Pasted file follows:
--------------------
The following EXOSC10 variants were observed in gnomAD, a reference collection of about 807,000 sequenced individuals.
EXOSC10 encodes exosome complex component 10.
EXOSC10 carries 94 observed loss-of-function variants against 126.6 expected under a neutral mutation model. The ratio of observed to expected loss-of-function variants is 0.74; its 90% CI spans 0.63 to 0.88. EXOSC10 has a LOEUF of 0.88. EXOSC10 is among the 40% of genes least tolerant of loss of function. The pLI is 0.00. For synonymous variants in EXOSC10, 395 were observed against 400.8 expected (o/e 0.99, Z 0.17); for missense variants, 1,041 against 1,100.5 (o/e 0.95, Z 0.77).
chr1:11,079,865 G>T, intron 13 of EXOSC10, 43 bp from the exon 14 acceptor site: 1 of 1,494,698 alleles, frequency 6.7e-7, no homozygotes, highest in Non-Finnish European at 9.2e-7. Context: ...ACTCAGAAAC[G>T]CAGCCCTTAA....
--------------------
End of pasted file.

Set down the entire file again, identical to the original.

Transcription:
The following EXOSC10 variants were observed in gnomAD, a reference collection of about 807,000 sequenced individuals.
EXOSC10 encodes exosome complex component 10.
EXOSC10 carries 94 observed loss-of-function variants against 126.6 expected under a neutral mutation model. The ratio of observed to expected loss-of-function variants is 0.74; its 90% CI spans 0.63 to 0.88. EXOSC10 has a LOEUF of 0.88. EXOSC10 is among the 40% of genes least tolerant of loss of function. The pLI is 0.00. For synonymous variants in EXOSC10, 395 were observed against 400.8 expected (o/e 0.99, Z 0.17); for missense variants, 1,041 against 1,100.5 (o/e 0.95, Z 0.77).
chr1:11,079,865 G>T, intron 13 of EXOSC10, 43 bp from the exon 14 acceptor site: 1 of 1,494,698 alleles, frequency 6.7e-7, no homozygotes, highest in Non-Finnish European at 9.2e-7. Context: ...ACTCAGAAAC[G>T]CAGCCCTTAA....